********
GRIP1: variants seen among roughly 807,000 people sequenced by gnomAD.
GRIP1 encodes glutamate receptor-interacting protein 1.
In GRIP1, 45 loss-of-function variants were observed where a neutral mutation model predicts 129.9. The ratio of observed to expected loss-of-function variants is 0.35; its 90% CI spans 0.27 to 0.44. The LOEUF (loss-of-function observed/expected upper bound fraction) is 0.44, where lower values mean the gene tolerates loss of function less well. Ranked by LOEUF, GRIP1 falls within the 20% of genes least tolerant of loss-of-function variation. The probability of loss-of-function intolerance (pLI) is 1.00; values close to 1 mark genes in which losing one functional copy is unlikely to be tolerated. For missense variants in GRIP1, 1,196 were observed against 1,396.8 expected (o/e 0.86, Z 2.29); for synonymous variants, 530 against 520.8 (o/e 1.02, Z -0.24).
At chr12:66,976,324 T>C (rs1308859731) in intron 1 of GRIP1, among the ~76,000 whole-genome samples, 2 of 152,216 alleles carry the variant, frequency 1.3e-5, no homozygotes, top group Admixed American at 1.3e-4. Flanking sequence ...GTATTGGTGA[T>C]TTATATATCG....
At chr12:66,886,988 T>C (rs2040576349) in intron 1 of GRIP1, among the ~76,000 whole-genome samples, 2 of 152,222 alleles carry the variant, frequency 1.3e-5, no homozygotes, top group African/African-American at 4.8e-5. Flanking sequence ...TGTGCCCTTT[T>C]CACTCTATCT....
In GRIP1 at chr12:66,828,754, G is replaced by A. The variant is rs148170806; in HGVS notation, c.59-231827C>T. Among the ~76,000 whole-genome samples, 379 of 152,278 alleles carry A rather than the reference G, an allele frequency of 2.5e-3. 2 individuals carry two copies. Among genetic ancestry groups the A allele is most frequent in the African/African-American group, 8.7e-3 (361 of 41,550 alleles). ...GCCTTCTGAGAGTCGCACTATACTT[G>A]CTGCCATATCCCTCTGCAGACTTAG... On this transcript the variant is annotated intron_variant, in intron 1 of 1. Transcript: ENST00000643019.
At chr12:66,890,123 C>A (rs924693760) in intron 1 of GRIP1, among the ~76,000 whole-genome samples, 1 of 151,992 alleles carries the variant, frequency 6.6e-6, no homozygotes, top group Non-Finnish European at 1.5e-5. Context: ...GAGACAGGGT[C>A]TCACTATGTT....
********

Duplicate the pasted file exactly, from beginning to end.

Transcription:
GRIP1: variants seen among roughly 807,000 people sequenced by gnomAD.
GRIP1 encodes glutamate receptor-interacting protein 1.
In GRIP1, 45 loss-of-function variants were observed where a neutral mutation model predicts 129.9. The ratio of observed to expected loss-of-function variants is 0.35; its 90% CI spans 0.27 to 0.44. The LOEUF (loss-of-function observed/expected upper bound fraction) is 0.44, where lower values mean the gene tolerates loss of function less well. Ranked by LOEUF, GRIP1 falls within the 20% of genes least tolerant of loss-of-function variation. The probability of loss-of-function intolerance (pLI) is 1.00; values close to 1 mark genes in which losing one functional copy is unlikely to be tolerated. For missense variants in GRIP1, 1,196 were observed against 1,396.8 expected (o/e 0.86, Z 2.29); for synonymous variants, 530 against 520.8 (o/e 1.02, Z -0.24).
At chr12:66,976,324 T>C (rs1308859731) in intron 1 of GRIP1, among the ~76,000 whole-genome samples, 2 of 152,216 alleles carry the variant, frequency 1.3e-5, no homozygotes, top group Admixed American at 1.3e-4. Flanking sequence ...GTATTGGTGA[T>C]TTATATATCG....
At chr12:66,886,988 T>C (rs2040576349) in intron 1 of GRIP1, among the ~76,000 whole-genome samples, 2 of 152,222 alleles carry the variant, frequency 1.3e-5, no homozygotes, top group African/African-American at 4.8e-5. Flanking sequence ...TGTGCCCTTT[T>C]CACTCTATCT....
In GRIP1 at chr12:66,828,754, G is replaced by A. The variant is rs148170806; in HGVS notation, c.59-231827C>T. Among the ~76,000 whole-genome samples, 379 of 152,278 alleles carry A rather than the reference G, an allele frequency of 2.5e-3. 2 individuals carry two copies. Among genetic ancestry groups the A allele is most frequent in the African/African-American group, 8.7e-3 (361 of 41,550 alleles). ...GCCTTCTGAGAGTCGCACTATACTT[G>A]CTGCCATATCCCTCTGCAGACTTAG... On this transcript the variant is annotated intron_variant, in intron 1 of 1. Transcript: ENST00000643019.
At chr12:66,890,123 C>A (rs924693760) in intron 1 of GRIP1, among the ~76,000 whole-genome samples, 1 of 151,992 alleles carries the variant, frequency 6.6e-6, no homozygotes, top group Non-Finnish European at 1.5e-5. Context: ...GAGACAGGGT[C>A]TCACTATGTT....